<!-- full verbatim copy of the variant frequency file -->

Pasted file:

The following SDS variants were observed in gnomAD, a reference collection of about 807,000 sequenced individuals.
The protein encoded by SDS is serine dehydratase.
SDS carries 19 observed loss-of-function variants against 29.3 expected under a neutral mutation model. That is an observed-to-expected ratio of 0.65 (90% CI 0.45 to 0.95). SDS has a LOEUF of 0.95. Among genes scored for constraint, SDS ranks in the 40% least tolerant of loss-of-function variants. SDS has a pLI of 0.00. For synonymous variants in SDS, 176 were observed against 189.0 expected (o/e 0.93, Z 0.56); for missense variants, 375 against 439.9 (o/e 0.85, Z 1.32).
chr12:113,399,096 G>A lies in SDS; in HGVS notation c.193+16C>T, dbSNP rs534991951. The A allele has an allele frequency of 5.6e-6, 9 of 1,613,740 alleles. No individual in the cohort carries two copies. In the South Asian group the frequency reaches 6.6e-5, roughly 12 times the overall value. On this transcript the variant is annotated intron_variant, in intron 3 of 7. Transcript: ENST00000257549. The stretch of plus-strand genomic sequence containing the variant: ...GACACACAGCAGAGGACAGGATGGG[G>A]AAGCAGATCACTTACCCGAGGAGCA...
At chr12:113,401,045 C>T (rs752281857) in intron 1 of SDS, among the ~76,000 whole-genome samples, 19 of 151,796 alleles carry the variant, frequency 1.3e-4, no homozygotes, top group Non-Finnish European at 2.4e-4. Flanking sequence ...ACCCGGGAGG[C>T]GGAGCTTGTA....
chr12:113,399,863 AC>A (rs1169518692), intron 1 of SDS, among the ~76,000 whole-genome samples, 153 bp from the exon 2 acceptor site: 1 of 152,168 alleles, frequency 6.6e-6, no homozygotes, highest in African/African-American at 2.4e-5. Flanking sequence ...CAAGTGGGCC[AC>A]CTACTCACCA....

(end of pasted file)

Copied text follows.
The following SDS variants were observed in gnomAD, a reference collection of about 807,000 sequenced individuals.
The protein encoded by SDS is serine dehydratase.
SDS carries 19 observed loss-of-function variants against 29.3 expected under a neutral mutation model. That is an observed-to-expected ratio of 0.65 (90% CI 0.45 to 0.95). SDS has a LOEUF of 0.95. Among genes scored for constraint, SDS ranks in the 40% least tolerant of loss-of-function variants. SDS has a pLI of 0.00. For synonymous variants in SDS, 176 were observed against 189.0 expected (o/e 0.93, Z 0.56); for missense variants, 375 against 439.9 (o/e 0.85, Z 1.32).
chr12:113,399,096 G>A lies in SDS; in HGVS notation c.193+16C>T, dbSNP rs534991951. The A allele has an allele frequency of 5.6e-6, 9 of 1,613,740 alleles. No individual in the cohort carries two copies. In the South Asian group the frequency reaches 6.6e-5, roughly 12 times the overall value. On this transcript the variant is annotated intron_variant, in intron 3 of 7. Transcript: ENST00000257549. The stretch of plus-strand genomic sequence containing the variant: ...GACACACAGCAGAGGACAGGATGGG[G>A]AAGCAGATCACTTACCCGAGGAGCA...
At chr12:113,401,045 C>T (rs752281857) in intron 1 of SDS, among the ~76,000 whole-genome samples, 19 of 151,796 alleles carry the variant, frequency 1.3e-4, no homozygotes, top group Non-Finnish European at 2.4e-4. Flanking sequence ...ACCCGGGAGG[C>T]GGAGCTTGTA....
chr12:113,399,863 AC>A (rs1169518692), intron 1 of SDS, among the ~76,000 whole-genome samples, 153 bp from the exon 2 acceptor site: 1 of 152,168 alleles, frequency 6.6e-6, no homozygotes, highest in African/African-American at 2.4e-5. Flanking sequence ...CAAGTGGGCC[AC>A]CTACTCACCA....